Malaysian soldiers move into Kampung Tanduo, where troops stormed the camp of an armed Filipino group, in Lahad Datu, Sabah state March 7, 2013, in this picture provided by Malaysia’s Ministry of Defene. (Reuters Photo/Malaysia’s Ministry of Defense/Handout)
More than 200 armed followers of a self-styled sultan from the southern Philippines landed in the state of Sabah in February, reviving a centuries-old land claim by the long-defunct Sulu sultanate.
Fighting between the militants and security forces — deemed Malaysia’s worst security crisis in recent years — killed at least 68 Filipinos and 10 Malaysian security personnel.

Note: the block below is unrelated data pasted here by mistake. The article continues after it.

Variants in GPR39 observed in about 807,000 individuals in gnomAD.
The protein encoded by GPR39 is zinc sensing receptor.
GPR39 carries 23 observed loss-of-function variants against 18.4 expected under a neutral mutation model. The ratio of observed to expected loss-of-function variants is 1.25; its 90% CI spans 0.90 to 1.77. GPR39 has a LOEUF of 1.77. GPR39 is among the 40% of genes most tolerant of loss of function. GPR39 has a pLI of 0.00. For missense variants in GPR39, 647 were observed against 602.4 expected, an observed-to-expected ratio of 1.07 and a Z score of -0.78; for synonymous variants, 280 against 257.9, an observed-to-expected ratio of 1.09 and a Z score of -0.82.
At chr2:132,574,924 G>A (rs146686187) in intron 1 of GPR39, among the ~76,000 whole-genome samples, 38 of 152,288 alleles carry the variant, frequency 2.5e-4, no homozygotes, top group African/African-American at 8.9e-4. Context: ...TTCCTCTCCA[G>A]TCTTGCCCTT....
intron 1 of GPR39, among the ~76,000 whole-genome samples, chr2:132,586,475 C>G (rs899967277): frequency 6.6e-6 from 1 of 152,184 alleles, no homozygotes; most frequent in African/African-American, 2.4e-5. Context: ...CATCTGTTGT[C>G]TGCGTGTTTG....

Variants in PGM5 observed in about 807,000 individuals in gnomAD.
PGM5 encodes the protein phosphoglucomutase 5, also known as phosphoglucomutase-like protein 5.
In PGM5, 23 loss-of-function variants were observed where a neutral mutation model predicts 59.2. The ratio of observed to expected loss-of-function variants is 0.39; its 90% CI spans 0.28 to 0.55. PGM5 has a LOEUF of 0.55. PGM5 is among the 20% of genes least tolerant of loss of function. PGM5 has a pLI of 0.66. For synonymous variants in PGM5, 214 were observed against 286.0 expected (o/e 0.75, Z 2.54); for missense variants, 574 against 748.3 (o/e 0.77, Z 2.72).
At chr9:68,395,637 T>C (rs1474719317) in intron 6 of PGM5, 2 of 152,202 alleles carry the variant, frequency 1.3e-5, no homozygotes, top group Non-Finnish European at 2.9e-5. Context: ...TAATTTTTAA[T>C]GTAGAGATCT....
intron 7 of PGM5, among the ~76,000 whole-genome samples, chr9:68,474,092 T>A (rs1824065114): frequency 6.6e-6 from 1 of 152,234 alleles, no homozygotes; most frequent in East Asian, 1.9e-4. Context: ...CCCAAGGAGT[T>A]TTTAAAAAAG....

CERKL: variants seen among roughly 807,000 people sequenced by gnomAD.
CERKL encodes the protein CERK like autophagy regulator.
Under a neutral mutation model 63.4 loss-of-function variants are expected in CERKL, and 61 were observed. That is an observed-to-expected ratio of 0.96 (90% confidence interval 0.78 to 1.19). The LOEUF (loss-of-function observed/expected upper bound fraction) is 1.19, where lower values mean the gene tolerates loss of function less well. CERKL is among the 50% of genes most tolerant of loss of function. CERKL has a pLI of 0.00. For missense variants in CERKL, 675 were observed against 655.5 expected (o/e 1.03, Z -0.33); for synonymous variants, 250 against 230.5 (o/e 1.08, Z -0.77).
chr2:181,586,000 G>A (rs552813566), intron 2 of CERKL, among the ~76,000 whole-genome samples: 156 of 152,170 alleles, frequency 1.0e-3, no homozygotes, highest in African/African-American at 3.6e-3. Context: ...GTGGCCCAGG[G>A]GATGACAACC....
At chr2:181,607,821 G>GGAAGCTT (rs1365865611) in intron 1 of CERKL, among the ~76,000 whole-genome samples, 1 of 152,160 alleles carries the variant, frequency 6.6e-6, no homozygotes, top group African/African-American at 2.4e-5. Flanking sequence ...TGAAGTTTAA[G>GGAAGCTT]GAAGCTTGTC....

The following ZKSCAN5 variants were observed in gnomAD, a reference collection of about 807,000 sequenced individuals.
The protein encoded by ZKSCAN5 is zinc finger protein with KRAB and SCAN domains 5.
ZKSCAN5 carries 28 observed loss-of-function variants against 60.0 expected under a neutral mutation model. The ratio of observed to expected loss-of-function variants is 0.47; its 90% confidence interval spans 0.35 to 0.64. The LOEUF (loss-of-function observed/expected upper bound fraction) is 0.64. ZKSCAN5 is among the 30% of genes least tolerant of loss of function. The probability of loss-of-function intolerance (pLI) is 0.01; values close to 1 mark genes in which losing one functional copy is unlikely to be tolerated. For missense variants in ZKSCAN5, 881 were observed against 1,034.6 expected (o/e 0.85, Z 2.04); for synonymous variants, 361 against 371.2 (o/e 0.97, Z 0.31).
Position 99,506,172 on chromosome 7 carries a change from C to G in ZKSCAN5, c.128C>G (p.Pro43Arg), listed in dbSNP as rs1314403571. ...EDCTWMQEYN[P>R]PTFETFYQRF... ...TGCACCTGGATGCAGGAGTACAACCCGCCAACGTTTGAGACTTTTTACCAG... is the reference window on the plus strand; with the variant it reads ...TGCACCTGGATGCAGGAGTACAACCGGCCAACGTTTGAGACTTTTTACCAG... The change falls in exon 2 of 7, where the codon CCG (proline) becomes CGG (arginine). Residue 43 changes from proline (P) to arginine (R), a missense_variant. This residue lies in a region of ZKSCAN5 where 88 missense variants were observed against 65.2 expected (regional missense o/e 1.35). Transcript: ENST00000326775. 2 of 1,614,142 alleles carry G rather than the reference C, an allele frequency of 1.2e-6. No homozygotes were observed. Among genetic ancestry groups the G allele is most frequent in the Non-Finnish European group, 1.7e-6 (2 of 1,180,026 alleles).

Musa Aman, chief minister of Sabah state, was quoted by The Star online as saying the operation to chase scattered militant remnants and their sympathisers who were in hiding had ended.
But a security zone has been set up with troops permanently stationed along the coastline where the gunmen landed — previously known for its lawlessness and lax border control.
For centuries, people have moved back and forth across the porous sea border separating Sabah and the adjacent southern Philippines.
The security breach aroused heated sentiments on both sides with many Malaysians outraged over the incursion, while the Philippines came under pressure to protect its citizens’ lives.
Scores of Filipinos captured as part of the operation have been charged in Malaysian courts, including with terrorism-related offenses. Agence France-Presse